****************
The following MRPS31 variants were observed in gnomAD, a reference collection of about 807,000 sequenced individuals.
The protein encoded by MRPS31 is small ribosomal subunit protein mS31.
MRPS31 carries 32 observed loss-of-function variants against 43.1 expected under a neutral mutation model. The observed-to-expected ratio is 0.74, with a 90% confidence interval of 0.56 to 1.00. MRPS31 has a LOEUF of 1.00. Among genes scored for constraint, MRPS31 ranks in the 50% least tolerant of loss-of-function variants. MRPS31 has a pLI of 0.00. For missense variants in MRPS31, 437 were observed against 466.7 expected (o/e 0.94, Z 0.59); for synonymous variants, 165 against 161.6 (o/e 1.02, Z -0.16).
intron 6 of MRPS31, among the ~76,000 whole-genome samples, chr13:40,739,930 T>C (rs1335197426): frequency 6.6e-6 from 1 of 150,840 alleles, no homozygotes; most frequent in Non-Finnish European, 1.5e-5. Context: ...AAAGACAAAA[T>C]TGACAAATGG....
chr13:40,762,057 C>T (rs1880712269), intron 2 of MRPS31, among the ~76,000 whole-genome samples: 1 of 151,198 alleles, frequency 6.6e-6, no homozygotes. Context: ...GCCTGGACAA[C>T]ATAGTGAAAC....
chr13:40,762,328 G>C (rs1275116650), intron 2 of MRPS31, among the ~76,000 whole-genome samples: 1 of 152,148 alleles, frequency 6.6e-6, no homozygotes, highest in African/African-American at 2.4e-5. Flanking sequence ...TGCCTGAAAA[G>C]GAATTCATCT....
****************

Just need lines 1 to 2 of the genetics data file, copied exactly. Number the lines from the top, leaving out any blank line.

The following MRPS31 variants were observed in gnomAD, a reference collection of about 807,000 sequenced individuals.
The protein encoded by MRPS31 is small ribosomal subunit protein mS31.